Court of Appeal clarifies concept of “environmental information”

Aerial view of Kilcooley estate, Co Tipperary

The Court of Appeal this morning handed down its judgment in Redmond v Commissioner for Environmental Information [2020] IECA 83 which was an appeal against a decision of the High Court upholding a decision of the Commissioner for Environmental Information that details of the sale by Coillte, the State Forestry Company, of a leasehold interest in 402 hectares of land at Kilcooley Abbey Estate in Co Tipperary was not environmental information for the purposes of the Access to Information on the Environment Regulations (the “AIE Regulations”).

In reaching its decision the Court adopted and applied the now well-established interpretative principles from the NAMA and Minch decisions.

Importantly the Court agreed with the approach of the English Court of Appeal in Department for Business, Energy and Industrial Strategy v Information Commissioner [2017] EWCA (Civ) 844 that the definition does not mean that the information itself must be intrinsically environmental. The defining aspect is that the information is on a measure or activity that affects or is likely to affect the environment.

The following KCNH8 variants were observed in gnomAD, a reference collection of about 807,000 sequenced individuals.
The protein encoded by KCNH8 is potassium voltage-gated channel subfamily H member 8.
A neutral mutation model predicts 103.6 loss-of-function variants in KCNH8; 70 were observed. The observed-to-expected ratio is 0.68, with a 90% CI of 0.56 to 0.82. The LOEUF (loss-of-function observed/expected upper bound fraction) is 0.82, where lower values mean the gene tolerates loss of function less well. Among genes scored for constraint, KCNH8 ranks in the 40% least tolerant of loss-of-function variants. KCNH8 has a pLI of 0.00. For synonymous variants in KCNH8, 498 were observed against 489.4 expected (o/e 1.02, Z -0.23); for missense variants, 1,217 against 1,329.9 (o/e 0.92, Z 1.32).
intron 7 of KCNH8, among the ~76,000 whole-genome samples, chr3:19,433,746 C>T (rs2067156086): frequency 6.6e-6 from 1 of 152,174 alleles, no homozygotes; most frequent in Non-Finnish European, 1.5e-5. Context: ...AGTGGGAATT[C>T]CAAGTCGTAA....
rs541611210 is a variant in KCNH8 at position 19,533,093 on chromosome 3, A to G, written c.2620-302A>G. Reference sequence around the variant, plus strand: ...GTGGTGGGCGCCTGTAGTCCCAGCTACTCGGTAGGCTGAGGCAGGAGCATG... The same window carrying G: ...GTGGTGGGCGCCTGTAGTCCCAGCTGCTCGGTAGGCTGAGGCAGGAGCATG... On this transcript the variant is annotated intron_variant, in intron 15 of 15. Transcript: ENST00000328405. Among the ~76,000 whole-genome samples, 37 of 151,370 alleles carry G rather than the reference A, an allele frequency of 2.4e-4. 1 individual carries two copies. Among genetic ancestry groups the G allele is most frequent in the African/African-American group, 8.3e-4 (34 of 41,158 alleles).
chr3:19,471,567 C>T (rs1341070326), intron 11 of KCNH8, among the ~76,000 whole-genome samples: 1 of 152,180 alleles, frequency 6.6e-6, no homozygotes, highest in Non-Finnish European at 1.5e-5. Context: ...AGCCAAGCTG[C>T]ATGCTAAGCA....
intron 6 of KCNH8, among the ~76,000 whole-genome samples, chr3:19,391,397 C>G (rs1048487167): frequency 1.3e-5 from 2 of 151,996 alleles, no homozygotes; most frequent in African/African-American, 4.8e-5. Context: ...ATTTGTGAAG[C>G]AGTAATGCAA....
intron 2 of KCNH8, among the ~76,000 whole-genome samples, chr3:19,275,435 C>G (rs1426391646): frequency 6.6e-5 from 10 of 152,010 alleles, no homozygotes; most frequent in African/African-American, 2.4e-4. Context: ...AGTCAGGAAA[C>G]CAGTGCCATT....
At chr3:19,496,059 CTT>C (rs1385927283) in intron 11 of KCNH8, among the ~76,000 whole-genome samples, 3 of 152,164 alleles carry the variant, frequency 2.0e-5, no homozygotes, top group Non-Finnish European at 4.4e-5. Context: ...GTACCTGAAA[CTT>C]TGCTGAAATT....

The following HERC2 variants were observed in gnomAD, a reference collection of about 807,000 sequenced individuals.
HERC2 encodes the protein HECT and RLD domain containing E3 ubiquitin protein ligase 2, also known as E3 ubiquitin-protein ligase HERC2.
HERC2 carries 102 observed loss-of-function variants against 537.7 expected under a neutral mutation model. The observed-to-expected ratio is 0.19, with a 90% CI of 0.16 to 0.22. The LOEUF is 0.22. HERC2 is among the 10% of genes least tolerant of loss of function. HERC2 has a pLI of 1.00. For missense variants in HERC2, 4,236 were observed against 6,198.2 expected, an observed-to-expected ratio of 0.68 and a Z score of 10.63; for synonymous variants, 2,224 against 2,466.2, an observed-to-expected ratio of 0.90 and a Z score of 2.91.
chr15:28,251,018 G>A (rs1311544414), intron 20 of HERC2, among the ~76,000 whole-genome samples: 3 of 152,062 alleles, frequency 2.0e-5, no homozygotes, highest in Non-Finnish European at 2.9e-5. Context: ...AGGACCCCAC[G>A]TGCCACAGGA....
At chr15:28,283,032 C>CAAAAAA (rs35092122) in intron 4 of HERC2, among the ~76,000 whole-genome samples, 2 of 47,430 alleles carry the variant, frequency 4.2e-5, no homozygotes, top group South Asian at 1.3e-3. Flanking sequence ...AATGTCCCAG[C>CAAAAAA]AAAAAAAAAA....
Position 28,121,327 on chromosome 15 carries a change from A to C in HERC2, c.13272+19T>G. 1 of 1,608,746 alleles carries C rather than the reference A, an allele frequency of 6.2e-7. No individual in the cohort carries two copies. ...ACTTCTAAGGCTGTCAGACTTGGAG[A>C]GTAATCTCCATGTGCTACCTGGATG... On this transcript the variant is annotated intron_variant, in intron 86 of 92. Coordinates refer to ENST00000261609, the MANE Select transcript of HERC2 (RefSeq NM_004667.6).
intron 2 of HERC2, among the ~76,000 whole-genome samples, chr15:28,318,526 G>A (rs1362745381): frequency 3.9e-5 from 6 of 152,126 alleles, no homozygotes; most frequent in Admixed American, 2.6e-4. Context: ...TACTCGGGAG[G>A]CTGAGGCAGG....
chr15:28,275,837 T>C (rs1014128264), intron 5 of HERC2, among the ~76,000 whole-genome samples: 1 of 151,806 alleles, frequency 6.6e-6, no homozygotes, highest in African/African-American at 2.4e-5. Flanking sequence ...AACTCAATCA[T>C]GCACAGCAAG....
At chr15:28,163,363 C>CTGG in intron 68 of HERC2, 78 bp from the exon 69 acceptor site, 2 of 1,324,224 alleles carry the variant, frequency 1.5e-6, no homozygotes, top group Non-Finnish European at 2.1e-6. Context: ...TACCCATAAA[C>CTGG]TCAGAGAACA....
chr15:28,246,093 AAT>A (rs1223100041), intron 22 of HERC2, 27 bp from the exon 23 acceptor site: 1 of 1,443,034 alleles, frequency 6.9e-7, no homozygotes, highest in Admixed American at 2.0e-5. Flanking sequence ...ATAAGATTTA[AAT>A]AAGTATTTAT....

The Court also went on the hold that the Commissioner did not need to establish the probability of a relevant environmental impact since that would lead to an overly narrow definition. On the other hand something more than a remote or theoretical possibility is required because this would sweep too widely.

The effect of this decision consolidates the requirement for decision makers to apply a purposive interpretation to the AIE Regulations and building on Minch confirms that the scope of the right of access extends beyond information that is intrinsically environmental to include any information on measures or activities that are likely to affect the environment.

FP Logue acted for the Appellants in the Court of Appeal.

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